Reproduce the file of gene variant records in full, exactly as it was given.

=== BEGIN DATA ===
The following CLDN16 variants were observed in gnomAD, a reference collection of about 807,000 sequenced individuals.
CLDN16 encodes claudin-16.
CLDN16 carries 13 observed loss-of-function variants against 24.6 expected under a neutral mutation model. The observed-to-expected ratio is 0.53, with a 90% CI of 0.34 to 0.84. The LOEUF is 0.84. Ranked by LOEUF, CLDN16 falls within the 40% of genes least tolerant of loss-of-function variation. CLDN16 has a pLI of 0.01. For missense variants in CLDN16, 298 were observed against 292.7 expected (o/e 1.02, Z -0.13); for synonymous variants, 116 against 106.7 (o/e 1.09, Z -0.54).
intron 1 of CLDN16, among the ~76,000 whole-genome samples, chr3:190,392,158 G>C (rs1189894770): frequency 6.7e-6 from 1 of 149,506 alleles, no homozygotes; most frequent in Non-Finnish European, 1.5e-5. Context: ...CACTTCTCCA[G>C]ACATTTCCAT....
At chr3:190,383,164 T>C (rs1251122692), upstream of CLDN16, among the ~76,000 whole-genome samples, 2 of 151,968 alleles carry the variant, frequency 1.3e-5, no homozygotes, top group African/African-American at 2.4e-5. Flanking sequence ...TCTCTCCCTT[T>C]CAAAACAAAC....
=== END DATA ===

The following CLDN16 variants were observed in gnomAD, a reference collection of about 807,000 sequenced individuals.
CLDN16 encodes claudin-16.
CLDN16 carries 13 observed loss-of-function variants against 24.6 expected under a neutral mutation model. The observed-to-expected ratio is 0.53, with a 90% CI of 0.34 to 0.84. The LOEUF is 0.84. Ranked by LOEUF, CLDN16 falls within the 40% of genes least tolerant of loss-of-function variation. CLDN16 has a pLI of 0.01. For missense variants in CLDN16, 298 were observed against 292.7 expected (o/e 1.02, Z -0.13); for synonymous variants, 116 against 106.7 (o/e 1.09, Z -0.54).
intron 1 of CLDN16, among the ~76,000 whole-genome samples, chr3:190,392,158 G>C (rs1189894770): frequency 6.7e-6 from 1 of 149,506 alleles, no homozygotes; most frequent in Non-Finnish European, 1.5e-5. Context: ...CACTTCTCCA[G>C]ACATTTCCAT....
At chr3:190,383,164 T>C (rs1251122692), upstream of CLDN16, among the ~76,000 whole-genome samples, 2 of 151,968 alleles carry the variant, frequency 1.3e-5, no homozygotes, top group African/African-American at 2.4e-5. Flanking sequence ...TCTCTCCCTT[T>C]CAAAACAAAC....